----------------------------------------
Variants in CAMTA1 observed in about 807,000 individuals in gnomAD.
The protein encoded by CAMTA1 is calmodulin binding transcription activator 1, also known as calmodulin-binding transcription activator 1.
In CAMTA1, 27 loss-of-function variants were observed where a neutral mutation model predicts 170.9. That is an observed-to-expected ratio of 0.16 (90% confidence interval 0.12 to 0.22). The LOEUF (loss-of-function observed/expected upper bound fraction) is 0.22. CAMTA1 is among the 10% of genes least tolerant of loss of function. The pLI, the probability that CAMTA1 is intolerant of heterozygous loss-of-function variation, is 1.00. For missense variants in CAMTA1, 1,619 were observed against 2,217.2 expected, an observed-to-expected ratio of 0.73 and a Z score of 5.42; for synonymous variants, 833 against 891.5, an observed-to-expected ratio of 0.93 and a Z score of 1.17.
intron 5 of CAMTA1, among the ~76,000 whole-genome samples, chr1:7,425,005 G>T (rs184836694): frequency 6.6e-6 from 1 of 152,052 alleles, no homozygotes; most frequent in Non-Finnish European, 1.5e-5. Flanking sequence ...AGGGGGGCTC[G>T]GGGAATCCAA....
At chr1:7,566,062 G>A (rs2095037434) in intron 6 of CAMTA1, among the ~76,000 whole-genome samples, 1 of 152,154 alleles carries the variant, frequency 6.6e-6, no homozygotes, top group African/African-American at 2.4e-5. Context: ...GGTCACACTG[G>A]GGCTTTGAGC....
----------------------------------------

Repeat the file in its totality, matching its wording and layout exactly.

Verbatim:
Variants in CAMTA1 observed in about 807,000 individuals in gnomAD.
The protein encoded by CAMTA1 is calmodulin binding transcription activator 1, also known as calmodulin-binding transcription activator 1.
In CAMTA1, 27 loss-of-function variants were observed where a neutral mutation model predicts 170.9. That is an observed-to-expected ratio of 0.16 (90% confidence interval 0.12 to 0.22). The LOEUF (loss-of-function observed/expected upper bound fraction) is 0.22. CAMTA1 is among the 10% of genes least tolerant of loss of function. The pLI, the probability that CAMTA1 is intolerant of heterozygous loss-of-function variation, is 1.00. For missense variants in CAMTA1, 1,619 were observed against 2,217.2 expected, an observed-to-expected ratio of 0.73 and a Z score of 5.42; for synonymous variants, 833 against 891.5, an observed-to-expected ratio of 0.93 and a Z score of 1.17.
intron 5 of CAMTA1, among the ~76,000 whole-genome samples, chr1:7,425,005 G>T (rs184836694): frequency 6.6e-6 from 1 of 152,052 alleles, no homozygotes; most frequent in Non-Finnish European, 1.5e-5. Flanking sequence ...AGGGGGGCTC[G>T]GGGAATCCAA....
At chr1:7,566,062 G>A (rs2095037434) in intron 6 of CAMTA1, among the ~76,000 whole-genome samples, 1 of 152,154 alleles carries the variant, frequency 6.6e-6, no homozygotes, top group African/African-American at 2.4e-5. Context: ...GGTCACACTG[G>A]GGCTTTGAGC....